All over investment websites, business news channels and even the sides of towers in financial districts of major cities, you'll notice a neverending ribbon of letters streaming across. An alphabet for investors. CP, CPG, CSU, CTCa, the combinations continue until you think you'll catch the ZZZ's, only to find out that it jumps back to ABX. So, do you need to remember all these "tickers," which are characters representing the companies that trade under those characters?
I'm going to argue that remembering the symbols before realizing what the underlying companies are is a mistake. In the past year on the TSX, there have been a couple of tickers that have been changed by the companies, notably Shopify and Canopy Growth Corporation. Shopify used to be "SH" but is now trading as "SHOP" and Canopy Growth Corporation used to be "CGC," but now trades under "WEED." Although relatively innocent changes on the surface that allow for catchier tickers to be remembered, the changes show that "investors" in recent times seem to have shorter attention spans, probably thanks in part to social media and a general shift towards instant gratification. Do you like marijuana? Then buy WEED! Do you like online shopping? Then buy SHOP! Now, more than ever, investments cannot be quick decisions based on a handful of characters, and thorough research on each business should be conducted.
Take CTCa, for example (disclosure - I own shares of CTCa). CTCa is the ticker for the Class A Non-Voting shares of Canadian Tire Corporation. What many may not realize is that there is another ticker on the TSX trading as just CTC, which are the Common Shares. Although they are both shares of the same company, they have different dividend yields and benefits and do not track each other as closely as you might think. CTC has a lower dividend but gives the shareholder the ability to vote on company decisions and has a much lower beta (correlation with market index), whereas the non-voting shares do not give the shareholder the ability to vote, but provides a greater dividend yield and increased liquidity. To add to the mix, there is another ticker trading on the TSX under CRT.UN, which is a majority-owned subsidiary of Canadian Tire that holds the real estate Canadian Tire leases from. The dividend yield is even higher, and the shares are organized as a real estate investment trust, bringing different tax implications and multiple income types (capital gains and dividends) while focusing on a specific aspect of the whole Canadian Tire business. Here's a look at the varying performance of these different tickers over the past year:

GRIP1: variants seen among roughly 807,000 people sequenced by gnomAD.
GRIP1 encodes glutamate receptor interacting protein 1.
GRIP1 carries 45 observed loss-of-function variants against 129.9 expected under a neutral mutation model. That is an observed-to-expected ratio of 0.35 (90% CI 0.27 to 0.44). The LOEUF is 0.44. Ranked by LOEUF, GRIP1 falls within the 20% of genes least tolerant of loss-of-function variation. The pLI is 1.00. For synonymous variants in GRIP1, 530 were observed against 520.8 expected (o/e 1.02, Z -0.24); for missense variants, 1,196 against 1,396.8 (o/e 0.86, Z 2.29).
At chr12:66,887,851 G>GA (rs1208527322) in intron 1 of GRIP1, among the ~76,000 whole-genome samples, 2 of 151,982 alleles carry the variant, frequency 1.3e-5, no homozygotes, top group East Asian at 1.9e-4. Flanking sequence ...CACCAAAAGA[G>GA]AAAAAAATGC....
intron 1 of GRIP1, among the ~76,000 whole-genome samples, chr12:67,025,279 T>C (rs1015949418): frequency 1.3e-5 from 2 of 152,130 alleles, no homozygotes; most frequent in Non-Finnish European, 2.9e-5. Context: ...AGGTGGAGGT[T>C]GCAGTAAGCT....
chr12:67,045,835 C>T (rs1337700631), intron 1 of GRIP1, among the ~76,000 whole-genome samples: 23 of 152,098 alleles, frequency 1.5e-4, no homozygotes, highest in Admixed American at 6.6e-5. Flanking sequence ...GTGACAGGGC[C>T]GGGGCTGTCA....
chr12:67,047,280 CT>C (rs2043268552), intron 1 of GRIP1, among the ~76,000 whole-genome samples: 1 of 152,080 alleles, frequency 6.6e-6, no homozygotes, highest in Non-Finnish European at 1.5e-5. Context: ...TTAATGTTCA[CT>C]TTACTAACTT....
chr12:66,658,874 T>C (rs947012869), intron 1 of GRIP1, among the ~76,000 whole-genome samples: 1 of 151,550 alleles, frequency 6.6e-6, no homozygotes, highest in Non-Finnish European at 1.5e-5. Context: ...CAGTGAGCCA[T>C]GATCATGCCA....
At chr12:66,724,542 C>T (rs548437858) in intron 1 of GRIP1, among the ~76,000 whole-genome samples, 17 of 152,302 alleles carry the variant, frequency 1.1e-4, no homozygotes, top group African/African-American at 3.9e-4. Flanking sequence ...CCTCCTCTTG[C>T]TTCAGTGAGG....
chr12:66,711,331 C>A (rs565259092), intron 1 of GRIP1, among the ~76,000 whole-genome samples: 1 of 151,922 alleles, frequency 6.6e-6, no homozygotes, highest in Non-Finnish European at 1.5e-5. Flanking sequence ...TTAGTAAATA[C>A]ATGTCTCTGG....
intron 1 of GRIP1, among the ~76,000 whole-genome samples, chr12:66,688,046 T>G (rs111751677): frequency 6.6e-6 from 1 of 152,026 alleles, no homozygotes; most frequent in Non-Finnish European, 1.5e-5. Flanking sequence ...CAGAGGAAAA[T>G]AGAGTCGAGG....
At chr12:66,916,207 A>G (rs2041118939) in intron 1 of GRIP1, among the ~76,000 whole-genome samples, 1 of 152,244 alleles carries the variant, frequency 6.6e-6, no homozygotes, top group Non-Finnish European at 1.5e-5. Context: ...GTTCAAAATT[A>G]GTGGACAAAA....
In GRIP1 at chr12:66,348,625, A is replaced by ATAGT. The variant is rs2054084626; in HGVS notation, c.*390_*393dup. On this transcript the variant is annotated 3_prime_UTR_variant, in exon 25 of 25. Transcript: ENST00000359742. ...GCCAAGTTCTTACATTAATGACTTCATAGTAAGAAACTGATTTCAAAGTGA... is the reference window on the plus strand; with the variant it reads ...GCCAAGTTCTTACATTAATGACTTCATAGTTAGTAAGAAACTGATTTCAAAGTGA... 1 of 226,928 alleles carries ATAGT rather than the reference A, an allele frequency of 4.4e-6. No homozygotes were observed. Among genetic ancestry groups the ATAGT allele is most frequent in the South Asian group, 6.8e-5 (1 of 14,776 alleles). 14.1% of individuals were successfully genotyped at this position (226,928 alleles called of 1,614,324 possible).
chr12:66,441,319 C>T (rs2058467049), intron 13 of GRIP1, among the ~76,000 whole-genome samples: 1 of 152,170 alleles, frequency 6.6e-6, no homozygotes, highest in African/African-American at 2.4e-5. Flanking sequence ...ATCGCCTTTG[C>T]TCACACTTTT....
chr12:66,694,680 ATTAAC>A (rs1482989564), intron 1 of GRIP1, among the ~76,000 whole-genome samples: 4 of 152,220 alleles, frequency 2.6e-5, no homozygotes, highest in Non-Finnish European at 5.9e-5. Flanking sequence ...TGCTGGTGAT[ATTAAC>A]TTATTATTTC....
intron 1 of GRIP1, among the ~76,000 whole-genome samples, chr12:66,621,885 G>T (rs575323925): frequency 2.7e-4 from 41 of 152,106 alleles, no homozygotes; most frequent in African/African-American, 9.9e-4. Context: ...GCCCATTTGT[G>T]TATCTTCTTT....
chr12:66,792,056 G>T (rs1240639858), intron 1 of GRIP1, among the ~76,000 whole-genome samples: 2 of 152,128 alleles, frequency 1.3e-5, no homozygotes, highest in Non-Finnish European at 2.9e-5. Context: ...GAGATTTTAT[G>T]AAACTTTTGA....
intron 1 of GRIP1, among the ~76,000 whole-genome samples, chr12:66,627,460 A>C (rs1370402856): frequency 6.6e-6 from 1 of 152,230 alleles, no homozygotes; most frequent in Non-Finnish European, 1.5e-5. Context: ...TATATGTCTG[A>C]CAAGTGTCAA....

Despite being the same company, the performance of each type of share of the business can be quite different.
Think about what each of these different offerings from the same company gives - options to investors based on their goals and risk tolerances. The lower-beta CTC is a good defensive long-term holding. Due to the voting ability of the shares, current shareholders are less likely give those shares up as a larger proportion of them will be company insiders and executives, and likely hold large quantities of shares. If you are excited about growth prospects and retail performance, CTCa will likely be the best pick with high volumes and more shares outstanding. And if you are looking to hold real estate anchored by a quintessential Canadian retailer with low vacancy rates and good income (cash flow), CRT.UN would be a great option.